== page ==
With a Little Help From My Friend

(Symbiotic Association)

You are witnessing the very beginning of the life of a Beech Tree. A life that could very well go on for 300 years or more.

This is a Beech Tree seedling, and during the process of its germination, the very first thing that happens is that it sends down a root which both anchors it to the ground, and prepares it to draw water, minerals and nutrients up from the soil.

Once that has happened, the 2 parts of the seed are lifted out of the seed case to become the ‘seed-leaves’ or cotyledons. That is what you are looking at here.

In those seed-leaves, which always look different to the real leaves of the tree, are all the nutrients that are needed to begin the germination process, and they support this little seedling until it starts to produce its own leaves. 

So here we have a young tree having established itself, and all appears to be going well, except for the fact that it appears to be right at the foot of its parent.

However, a seed can be carried very far away from its parent tree, which may have been growing very happily in its premium location for hundreds of years. Lets say that this seedling ends up growing in a less favorable soil.

Where’s it going to get the nutrients that it needs if its anchored to the spot?

The Beechwood Sickener Mushroom – Russula nobilis

Mother Nature has a great way of helping out under such circumstances.

An alliance between a fungus in the soil and the tree means that the tree can take nutrients from the fungus that it cannot access by itself in return for doing the same for the fungus. Each helps the other out.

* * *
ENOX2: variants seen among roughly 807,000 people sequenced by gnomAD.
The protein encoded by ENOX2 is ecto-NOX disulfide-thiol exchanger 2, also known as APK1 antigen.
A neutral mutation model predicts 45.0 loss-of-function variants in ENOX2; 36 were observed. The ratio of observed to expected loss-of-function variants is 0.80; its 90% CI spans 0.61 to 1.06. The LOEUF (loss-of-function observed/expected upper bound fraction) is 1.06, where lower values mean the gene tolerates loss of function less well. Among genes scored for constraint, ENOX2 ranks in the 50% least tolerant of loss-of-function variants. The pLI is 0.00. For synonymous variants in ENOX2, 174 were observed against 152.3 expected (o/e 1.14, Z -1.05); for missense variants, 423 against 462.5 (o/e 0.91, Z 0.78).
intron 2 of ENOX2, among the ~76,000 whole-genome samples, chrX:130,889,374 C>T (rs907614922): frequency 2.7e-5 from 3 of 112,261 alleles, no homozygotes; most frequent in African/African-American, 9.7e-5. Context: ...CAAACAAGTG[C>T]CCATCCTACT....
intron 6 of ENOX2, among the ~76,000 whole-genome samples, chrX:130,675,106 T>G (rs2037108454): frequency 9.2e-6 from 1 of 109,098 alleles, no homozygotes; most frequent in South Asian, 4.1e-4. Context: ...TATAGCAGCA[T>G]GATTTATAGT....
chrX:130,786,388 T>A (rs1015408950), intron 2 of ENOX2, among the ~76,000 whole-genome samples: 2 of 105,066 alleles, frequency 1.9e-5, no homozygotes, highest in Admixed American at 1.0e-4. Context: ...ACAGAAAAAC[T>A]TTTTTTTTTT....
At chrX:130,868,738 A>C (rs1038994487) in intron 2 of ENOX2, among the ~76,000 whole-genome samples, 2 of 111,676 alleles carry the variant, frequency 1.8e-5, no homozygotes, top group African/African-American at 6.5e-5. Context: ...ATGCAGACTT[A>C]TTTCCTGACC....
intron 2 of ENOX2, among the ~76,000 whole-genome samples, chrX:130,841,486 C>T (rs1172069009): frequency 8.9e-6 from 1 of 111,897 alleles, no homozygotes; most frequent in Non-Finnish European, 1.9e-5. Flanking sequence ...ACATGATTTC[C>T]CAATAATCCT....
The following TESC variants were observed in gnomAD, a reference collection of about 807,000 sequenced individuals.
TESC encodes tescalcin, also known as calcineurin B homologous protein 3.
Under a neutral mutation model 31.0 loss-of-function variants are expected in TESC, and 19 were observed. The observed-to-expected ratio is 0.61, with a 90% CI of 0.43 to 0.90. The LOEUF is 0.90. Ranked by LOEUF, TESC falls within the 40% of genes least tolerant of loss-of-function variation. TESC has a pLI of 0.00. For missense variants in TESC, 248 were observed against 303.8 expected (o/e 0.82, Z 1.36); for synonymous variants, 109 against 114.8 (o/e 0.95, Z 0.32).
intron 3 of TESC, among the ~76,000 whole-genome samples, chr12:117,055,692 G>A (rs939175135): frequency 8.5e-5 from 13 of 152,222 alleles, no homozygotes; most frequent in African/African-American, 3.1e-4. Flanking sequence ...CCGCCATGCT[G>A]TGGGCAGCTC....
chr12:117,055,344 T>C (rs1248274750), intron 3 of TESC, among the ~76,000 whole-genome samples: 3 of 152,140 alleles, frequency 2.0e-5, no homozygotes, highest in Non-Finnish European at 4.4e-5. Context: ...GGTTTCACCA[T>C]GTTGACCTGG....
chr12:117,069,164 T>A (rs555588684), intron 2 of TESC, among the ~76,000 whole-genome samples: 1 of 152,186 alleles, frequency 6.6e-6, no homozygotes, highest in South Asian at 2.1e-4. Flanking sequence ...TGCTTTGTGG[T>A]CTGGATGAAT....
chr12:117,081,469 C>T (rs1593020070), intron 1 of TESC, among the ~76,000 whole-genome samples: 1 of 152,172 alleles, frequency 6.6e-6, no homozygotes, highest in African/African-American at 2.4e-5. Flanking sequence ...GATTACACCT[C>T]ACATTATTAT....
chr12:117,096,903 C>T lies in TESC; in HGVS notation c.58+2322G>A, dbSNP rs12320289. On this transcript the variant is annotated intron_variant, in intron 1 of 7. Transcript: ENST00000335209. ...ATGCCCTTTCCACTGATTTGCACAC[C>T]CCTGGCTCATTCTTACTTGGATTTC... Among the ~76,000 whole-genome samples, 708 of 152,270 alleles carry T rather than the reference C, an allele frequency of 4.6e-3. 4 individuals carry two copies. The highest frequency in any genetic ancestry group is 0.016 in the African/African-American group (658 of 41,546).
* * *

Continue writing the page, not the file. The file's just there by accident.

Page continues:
This interaction is called a Symbiotic Association, and it is probably the most important natural phenomenon in the oxygen producing world – the world of plants.

Surprisingly, trees also communicate with others in their ‘tribe’ using these same pathways. Beech trees prefer to live closely with other Beech trees – their relatively smooth bark tells us that. If they preferred to live in isolation like Oak trees do, they would have a rough and highly fissured bark to put off grazing animals.

So if a Beech tree is under attack from Squirrels, it will communicate that fact to the others, which in turn will then start to produce substances which will put off the invaders. Clever eh?

So the next time you’re out and about and you see little mushrooms growing under the trees, just try to imagine the enormous unseen collaboration that is going on beneath your feet, and wonder at the amazing things that go on day after day without you ever having been aware of it.

And if you happen to be in a Beech Wood, and you carve you name in a tree trunk, keep your eyes open as you carry on your way —

All the other Beech trees will know what you did !!